Hillary Clinton whined again this week about criticism she should “go away” after losing to President Donald Trump. She claims the calls are based in sexism, arguing critics never asked that of losing candidates who are male.
That began to happen after the election … I was really struck by how people said that to me — you know, mostly people in the press, for whatever reason — like, “Oh, you know, go away, go away.”
Sexism? Democratic Women Ask Hillary To Go
Sen. Heidi Heitkamp, a female Democrat from North Dakota and state Trump won with 63 percent of the vote, said earlier this month that Clinton cannot go away “soon enough” due to Hillary’s remarks about Trump voters at a conference in India. It was the comments by Hillary, not her gender, that frustrated the female senator.
Hillary stated at the conference, “If you look at the map of the United States, there’s all that red in the middle where Trump won. I won the places that are optimistic, diverse, dynamic, moving forward. And his whole campaign, Make America Great Again, was looking backwards.”
Hillary ridiculed conservative voters, “You didn’t like Black people getting rights, you don’t like women, you know, getting jobs. You don’t want, you know, to see that Indian-American succeeding more than you are. Whatever your problem is … working for a woman now, you don’t like it. Whatever the reason was, Trump stirred that up.”
I pointed out earlier in the week that Democratic U.S. Senator Claire McCaskill, Missouri, told MSNBC Hillary’s recent comments appeared to be “criticizing Missouri voters” and this “wasn’t helpful.” Hillary had complained she lost in part because White women refused to stand up to the men in their lives who may have pressured them to vote for Trump. The female senator’s criticism was notable because she was an outspoken Clinton supporter during the 2016 election.
“For those of us that are in states that Trump won we would really appreciate if she would be more careful and show respect to every American voter and not just the ones who voted for her” — Claire McCaskill on Hillary Clinton
Senator McCaskill told the Washington Post Hillary’s comments were “fighting words.” She added, “I have great respect for Missouri voters. And there are a lot of reasons they voted for Donald Trump. Some of which I completely understand. I mean, frustration is a powerful motivator. And if you’ve played by the rules and worked hard all your life and you’re further behind this year than you were 10 years ago no wonder you want something completely different.”
Clinton claims Al Gore didn’t stop talking about climate change, John Kerry went on to the Senate and became an excellent secretary of state, and says she’s really happy John McCain kept speaking out, standing up, and saying what he had to say. Hillary seems to forget, although they lost, a majority of Americans respect them. America does not respect Hillary.
“For heaven’s sakes, Mitt Romney is running for the Senate,” said Clinton, referring to the 2012 Republican nominee’s campaign for Senate in Utah.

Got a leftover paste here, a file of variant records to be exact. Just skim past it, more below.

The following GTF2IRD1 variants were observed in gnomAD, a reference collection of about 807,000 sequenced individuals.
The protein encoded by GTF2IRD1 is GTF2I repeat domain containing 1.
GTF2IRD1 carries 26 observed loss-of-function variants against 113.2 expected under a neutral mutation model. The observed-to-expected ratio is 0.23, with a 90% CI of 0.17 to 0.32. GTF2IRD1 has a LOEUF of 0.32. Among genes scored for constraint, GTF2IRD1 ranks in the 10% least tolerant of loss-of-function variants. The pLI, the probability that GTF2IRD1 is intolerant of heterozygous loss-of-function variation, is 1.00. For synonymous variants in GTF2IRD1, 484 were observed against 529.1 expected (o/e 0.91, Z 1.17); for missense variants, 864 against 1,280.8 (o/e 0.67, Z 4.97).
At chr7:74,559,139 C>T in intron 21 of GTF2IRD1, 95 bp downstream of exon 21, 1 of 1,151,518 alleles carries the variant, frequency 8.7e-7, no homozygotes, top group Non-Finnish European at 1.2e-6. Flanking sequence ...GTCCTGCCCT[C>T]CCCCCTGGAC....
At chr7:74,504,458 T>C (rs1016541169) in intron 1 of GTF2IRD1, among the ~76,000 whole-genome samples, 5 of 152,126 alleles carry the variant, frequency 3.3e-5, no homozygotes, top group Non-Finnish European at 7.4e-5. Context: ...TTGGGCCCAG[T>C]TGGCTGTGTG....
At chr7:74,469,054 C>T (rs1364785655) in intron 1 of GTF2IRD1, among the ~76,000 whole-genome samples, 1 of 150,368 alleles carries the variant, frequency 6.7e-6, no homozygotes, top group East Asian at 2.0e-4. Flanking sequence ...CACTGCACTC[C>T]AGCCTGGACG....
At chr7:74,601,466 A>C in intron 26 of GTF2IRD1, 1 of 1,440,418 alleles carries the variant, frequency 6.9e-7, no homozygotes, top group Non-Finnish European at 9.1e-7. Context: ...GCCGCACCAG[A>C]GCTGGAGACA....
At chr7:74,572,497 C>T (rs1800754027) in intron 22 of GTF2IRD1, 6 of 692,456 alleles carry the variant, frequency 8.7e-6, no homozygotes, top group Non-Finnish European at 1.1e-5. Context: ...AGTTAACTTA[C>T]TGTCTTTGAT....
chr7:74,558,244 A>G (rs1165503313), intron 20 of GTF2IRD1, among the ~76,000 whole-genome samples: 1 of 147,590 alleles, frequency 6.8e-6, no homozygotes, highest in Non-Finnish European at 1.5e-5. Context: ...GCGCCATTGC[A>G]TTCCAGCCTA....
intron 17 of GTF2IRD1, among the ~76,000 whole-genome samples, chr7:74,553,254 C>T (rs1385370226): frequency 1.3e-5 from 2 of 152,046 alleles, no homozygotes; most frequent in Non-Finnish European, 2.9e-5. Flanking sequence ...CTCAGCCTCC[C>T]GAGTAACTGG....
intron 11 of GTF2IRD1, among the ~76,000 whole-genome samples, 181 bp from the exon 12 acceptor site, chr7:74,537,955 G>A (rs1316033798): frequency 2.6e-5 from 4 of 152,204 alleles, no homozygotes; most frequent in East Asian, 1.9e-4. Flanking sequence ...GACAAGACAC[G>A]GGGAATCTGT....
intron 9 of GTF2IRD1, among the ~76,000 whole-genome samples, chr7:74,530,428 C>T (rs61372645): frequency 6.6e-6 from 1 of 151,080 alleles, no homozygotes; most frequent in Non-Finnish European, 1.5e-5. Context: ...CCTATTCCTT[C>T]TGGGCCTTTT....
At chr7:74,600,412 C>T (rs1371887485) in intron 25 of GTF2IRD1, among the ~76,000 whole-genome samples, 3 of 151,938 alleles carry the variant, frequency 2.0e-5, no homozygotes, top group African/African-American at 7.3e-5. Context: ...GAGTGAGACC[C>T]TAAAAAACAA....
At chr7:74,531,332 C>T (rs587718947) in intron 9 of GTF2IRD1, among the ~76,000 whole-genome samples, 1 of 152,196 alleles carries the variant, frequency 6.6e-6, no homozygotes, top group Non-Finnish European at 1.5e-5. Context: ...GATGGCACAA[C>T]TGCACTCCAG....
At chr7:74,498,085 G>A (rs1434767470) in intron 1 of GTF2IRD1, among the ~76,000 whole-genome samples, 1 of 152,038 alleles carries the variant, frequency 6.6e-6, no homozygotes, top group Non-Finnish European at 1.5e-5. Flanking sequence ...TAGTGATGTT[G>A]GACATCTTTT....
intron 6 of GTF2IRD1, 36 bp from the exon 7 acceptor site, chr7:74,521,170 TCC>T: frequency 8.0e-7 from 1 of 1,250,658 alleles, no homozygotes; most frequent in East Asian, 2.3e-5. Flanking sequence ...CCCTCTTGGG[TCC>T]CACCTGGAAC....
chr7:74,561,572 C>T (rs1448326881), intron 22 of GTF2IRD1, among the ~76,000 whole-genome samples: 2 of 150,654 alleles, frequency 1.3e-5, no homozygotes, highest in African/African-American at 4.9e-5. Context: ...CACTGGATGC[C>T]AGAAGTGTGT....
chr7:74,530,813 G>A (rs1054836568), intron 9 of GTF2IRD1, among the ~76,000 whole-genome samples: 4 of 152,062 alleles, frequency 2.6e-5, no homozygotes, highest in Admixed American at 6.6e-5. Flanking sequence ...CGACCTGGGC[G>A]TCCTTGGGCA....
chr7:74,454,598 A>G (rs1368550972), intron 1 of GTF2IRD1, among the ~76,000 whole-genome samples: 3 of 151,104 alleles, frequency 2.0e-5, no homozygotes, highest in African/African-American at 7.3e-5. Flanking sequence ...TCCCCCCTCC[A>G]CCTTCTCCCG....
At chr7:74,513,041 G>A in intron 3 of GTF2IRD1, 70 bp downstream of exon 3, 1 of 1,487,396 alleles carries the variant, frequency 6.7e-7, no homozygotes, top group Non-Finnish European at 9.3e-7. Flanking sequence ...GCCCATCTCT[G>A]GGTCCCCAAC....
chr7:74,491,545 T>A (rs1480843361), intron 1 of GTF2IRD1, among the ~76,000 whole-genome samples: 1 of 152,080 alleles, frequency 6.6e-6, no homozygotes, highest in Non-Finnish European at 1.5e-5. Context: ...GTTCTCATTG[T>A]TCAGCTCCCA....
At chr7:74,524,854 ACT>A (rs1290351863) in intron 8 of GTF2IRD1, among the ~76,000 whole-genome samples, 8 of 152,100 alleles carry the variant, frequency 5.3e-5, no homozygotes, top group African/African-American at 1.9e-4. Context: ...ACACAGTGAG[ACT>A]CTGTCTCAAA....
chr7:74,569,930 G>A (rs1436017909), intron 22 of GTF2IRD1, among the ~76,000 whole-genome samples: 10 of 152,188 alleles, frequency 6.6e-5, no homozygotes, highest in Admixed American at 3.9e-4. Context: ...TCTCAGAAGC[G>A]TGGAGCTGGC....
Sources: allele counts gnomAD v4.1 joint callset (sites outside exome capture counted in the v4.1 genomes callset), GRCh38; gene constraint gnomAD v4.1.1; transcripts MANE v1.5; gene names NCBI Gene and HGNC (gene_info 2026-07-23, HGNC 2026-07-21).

Hillary Clinton, as we know, was viewed unfavorably by some 54 percent of respondents and favored by only 41 percent in polls up to Election 2016. Both she and Trump were deeply unpopular by historical standards. America refuses to forget her links to Wall Street, missing emails and alleged responsibility for the security failures that contributed to the attack on the Benghazi consulate. But the roots of hostility towards her go much deeper.
Ronald Reagan biographer and historian, Craig Shirley, who worked as a conservative political consultant for decades, reminds us Hillary Clinton arrived in Washington DC as first lady “from Little Rock with a reputation already established” as “such a militant feminist and difficult to deal with.”
As Hillary noted in her first autobiography, she received tremendous criticism for her controversial statement, “I’m not sitting here some little woman standing by my man like Tammy Wynette” in response to a reporter’s assertion she and Bill had “some sort of understanding and arrangement” about his infidelity and sexual misappropriations. She was likewise hammered for saying, “I suppose I could have stayed home and baked cookies” in response to current California governor Jerry Brown’s attack that she had only been a successful lawyer because her husband had steered business to her firm.
There’s something about Hillary’s manner, persona, voice, smirk that just grates on a lot of people. People don’t like to be talked down to, and she has a terrible habit of talking down to people, with that smirk.
Shirley admits the “the press pounded on her” in Arkansas and then in Washington, but he does not believe this affected her relationship with the media or was the driving factor in people’s attitudes towards her. “There’s something about her manner, persona, voice, smirk that just grates on a lot of people,” he said. “People don’t like to be talked down to, and she has a terrible habit of talking down to people, with that smirk.”
It’s not sexism, Hillary. It’s you. Now, please go away! Sad, isn’t it? Please leave your comments below and be sure to FOLLOW ClearHeath Life Strategies. We provide News of the News You Wish You Knew.